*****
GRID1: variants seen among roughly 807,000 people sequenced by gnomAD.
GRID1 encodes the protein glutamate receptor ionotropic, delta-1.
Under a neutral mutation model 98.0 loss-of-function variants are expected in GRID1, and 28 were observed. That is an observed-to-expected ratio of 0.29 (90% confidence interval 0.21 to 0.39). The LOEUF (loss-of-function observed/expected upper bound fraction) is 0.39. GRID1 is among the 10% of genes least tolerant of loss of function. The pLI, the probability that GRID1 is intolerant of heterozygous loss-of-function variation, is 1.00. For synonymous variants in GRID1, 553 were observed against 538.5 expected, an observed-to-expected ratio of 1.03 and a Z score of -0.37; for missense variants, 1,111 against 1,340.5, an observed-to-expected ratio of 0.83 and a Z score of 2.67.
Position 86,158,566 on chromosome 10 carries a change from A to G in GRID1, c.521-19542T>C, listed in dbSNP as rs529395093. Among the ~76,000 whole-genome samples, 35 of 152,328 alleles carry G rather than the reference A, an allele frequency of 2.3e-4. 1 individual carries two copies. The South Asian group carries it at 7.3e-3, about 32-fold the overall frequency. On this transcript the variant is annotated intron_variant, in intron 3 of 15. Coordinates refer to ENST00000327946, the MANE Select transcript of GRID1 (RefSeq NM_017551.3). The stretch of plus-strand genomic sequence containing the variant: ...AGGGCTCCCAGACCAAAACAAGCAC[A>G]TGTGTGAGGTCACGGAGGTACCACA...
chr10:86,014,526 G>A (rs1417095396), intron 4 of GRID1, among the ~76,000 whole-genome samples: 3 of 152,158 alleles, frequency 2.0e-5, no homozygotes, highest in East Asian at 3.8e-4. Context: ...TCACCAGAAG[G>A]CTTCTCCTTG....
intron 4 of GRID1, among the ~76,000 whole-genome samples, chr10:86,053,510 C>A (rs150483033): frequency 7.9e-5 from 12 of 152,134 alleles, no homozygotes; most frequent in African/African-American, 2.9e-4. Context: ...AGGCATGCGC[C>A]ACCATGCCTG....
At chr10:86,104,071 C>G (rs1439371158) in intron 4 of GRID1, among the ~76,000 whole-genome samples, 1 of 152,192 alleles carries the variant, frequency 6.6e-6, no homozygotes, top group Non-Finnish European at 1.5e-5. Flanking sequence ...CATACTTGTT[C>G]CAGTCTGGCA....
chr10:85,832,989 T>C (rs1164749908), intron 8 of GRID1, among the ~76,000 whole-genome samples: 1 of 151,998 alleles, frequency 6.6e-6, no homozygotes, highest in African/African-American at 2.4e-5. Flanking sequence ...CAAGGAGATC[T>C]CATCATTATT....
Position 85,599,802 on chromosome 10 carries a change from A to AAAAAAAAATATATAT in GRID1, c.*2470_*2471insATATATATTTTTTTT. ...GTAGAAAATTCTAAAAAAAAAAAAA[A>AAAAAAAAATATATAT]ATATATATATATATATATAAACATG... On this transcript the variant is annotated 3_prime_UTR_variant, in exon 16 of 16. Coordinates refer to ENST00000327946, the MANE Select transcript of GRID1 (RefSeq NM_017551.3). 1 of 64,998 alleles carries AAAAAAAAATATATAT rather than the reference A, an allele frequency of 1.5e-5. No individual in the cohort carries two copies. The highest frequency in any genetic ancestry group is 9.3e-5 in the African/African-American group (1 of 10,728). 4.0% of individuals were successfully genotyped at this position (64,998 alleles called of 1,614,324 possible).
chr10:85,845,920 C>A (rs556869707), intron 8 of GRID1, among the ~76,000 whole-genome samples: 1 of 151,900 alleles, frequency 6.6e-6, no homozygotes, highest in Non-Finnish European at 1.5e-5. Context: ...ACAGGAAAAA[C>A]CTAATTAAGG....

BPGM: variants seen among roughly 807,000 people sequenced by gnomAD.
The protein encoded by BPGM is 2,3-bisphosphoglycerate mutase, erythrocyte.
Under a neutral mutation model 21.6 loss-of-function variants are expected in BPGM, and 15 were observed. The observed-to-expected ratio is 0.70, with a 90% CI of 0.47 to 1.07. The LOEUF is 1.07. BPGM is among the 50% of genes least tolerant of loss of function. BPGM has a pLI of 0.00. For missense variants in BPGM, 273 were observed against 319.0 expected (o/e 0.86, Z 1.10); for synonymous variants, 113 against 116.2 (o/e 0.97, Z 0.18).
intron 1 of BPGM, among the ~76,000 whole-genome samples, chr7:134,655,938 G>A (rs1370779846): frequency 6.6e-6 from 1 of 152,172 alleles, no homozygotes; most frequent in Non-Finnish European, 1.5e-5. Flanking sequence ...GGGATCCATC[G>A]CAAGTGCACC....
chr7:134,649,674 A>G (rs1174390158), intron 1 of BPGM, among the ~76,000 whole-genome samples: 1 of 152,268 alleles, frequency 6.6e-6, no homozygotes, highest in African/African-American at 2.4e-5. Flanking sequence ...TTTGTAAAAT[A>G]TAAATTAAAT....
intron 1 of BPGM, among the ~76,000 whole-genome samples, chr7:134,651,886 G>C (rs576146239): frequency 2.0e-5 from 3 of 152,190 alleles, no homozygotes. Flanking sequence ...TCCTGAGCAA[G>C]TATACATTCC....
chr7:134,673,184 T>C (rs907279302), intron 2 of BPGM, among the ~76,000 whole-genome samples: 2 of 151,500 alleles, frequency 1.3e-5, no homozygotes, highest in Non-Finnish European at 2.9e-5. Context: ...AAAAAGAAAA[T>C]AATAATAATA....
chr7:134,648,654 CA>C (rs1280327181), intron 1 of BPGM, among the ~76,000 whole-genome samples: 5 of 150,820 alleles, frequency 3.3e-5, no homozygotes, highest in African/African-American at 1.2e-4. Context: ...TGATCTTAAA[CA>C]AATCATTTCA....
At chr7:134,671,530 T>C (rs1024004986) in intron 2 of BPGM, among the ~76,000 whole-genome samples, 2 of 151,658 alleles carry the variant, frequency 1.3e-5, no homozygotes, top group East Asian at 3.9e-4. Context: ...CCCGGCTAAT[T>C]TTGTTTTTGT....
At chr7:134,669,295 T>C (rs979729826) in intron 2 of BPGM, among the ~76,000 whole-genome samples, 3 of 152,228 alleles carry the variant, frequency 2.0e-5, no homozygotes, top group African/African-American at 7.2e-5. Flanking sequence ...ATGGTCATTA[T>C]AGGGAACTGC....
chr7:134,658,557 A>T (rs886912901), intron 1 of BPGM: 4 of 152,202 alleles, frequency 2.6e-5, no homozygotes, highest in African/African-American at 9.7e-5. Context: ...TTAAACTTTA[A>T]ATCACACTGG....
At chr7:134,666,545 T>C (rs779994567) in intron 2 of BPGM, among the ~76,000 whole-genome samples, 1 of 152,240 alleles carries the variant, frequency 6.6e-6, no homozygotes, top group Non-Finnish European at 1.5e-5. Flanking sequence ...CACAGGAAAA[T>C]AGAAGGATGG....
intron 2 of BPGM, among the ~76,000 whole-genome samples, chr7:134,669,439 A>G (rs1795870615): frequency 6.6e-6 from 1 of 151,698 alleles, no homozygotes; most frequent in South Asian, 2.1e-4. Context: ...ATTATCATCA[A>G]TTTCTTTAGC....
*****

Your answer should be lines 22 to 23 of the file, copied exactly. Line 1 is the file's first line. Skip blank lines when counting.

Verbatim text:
At chr7:134,666,545 T>C (rs779994567) in intron 2 of BPGM, among the ~76,000 whole-genome samples, 1 of 152,240 alleles carries the variant, frequency 6.6e-6, no homozygotes, top group Non-Finnish European at 1.5e-5. Flanking sequence ...CACAGGAAAA[T>C]AGAAGGATGG....
intron 2 of BPGM, among the ~76,000 whole-genome samples, chr7:134,669,439 A>G (rs1795870615): frequency 6.6e-6 from 1 of 151,698 alleles, no homozygotes; most frequent in South Asian, 2.1e-4. Context: ...ATTATCATCA[A>G]TTTCTTTAGC....